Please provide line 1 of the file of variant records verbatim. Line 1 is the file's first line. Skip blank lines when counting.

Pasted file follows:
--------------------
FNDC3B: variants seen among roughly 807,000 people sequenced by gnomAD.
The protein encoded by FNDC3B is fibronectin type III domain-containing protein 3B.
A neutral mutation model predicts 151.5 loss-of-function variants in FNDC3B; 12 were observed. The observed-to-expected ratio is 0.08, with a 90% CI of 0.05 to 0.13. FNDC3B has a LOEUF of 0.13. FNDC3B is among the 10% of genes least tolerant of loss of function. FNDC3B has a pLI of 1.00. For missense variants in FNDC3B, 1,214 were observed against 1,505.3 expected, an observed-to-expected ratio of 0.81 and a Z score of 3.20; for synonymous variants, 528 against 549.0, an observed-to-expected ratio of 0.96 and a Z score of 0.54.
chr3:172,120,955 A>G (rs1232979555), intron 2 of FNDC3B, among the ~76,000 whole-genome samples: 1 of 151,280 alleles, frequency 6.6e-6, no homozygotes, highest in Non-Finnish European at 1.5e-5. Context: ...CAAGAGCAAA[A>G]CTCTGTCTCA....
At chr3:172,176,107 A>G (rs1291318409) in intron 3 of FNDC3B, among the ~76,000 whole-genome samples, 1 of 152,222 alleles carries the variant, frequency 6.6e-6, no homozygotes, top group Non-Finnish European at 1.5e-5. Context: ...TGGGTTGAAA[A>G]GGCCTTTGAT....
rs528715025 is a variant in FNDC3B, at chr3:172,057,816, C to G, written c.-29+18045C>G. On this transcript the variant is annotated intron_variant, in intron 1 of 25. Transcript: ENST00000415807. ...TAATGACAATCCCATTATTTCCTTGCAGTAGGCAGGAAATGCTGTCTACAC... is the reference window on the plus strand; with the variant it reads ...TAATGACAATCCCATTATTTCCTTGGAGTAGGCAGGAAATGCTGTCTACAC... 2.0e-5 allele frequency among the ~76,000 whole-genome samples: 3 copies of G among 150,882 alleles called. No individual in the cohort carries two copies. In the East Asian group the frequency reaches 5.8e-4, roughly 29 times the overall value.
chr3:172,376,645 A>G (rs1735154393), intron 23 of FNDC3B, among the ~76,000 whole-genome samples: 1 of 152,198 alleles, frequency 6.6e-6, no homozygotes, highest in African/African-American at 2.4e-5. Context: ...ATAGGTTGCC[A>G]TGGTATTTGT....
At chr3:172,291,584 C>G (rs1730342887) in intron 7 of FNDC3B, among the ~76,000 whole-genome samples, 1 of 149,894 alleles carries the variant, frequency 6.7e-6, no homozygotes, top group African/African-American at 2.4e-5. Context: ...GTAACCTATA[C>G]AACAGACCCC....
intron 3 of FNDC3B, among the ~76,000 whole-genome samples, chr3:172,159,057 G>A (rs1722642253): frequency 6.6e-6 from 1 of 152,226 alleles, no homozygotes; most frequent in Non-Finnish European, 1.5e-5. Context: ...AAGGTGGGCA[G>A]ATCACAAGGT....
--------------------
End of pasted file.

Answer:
FNDC3B: variants seen among roughly 807,000 people sequenced by gnomAD.